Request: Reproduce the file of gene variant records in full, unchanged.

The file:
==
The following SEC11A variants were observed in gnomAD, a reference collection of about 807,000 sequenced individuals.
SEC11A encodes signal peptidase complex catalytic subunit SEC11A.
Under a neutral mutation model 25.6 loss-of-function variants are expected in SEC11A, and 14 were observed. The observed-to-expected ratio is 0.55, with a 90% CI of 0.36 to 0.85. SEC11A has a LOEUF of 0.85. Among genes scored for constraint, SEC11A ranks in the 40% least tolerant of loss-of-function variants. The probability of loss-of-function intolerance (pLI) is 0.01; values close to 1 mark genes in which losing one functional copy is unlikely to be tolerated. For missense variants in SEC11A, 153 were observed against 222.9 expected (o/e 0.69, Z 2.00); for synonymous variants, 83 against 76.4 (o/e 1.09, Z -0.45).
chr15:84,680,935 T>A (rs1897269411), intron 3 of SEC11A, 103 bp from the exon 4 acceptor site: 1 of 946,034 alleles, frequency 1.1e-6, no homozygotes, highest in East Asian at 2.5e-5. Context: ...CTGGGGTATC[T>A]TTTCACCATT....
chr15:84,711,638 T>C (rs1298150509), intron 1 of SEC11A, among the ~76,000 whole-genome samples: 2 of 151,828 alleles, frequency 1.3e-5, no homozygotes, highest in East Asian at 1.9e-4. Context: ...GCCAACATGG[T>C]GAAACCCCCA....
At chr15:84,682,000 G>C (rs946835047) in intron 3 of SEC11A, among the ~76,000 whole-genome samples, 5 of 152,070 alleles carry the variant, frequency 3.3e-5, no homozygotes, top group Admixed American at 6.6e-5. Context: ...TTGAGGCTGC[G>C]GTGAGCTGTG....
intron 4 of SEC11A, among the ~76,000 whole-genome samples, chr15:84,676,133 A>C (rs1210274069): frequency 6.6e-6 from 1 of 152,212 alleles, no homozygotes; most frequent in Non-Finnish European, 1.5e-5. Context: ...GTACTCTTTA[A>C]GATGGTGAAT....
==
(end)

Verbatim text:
The following SEC11A variants were observed in gnomAD, a reference collection of about 807,000 sequenced individuals.
SEC11A encodes signal peptidase complex catalytic subunit SEC11A.
Under a neutral mutation model 25.6 loss-of-function variants are expected in SEC11A, and 14 were observed. The observed-to-expected ratio is 0.55, with a 90% CI of 0.36 to 0.85. SEC11A has a LOEUF of 0.85. Among genes scored for constraint, SEC11A ranks in the 40% least tolerant of loss-of-function variants. The probability of loss-of-function intolerance (pLI) is 0.01; values close to 1 mark genes in which losing one functional copy is unlikely to be tolerated. For missense variants in SEC11A, 153 were observed against 222.9 expected (o/e 0.69, Z 2.00); for synonymous variants, 83 against 76.4 (o/e 1.09, Z -0.45).
chr15:84,680,935 T>A (rs1897269411), intron 3 of SEC11A, 103 bp from the exon 4 acceptor site: 1 of 946,034 alleles, frequency 1.1e-6, no homozygotes, highest in East Asian at 2.5e-5. Context: ...CTGGGGTATC[T>A]TTTCACCATT....
chr15:84,711,638 T>C (rs1298150509), intron 1 of SEC11A, among the ~76,000 whole-genome samples: 2 of 151,828 alleles, frequency 1.3e-5, no homozygotes, highest in East Asian at 1.9e-4. Context: ...GCCAACATGG[T>C]GAAACCCCCA....
At chr15:84,682,000 G>C (rs946835047) in intron 3 of SEC11A, among the ~76,000 whole-genome samples, 5 of 152,070 alleles carry the variant, frequency 3.3e-5, no homozygotes, top group Admixed American at 6.6e-5. Context: ...TTGAGGCTGC[G>C]GTGAGCTGTG....
intron 4 of SEC11A, among the ~76,000 whole-genome samples, chr15:84,676,133 A>C (rs1210274069): frequency 6.6e-6 from 1 of 152,212 alleles, no homozygotes; most frequent in Non-Finnish European, 1.5e-5. Context: ...GTACTCTTTA[A>C]GATGGTGAAT....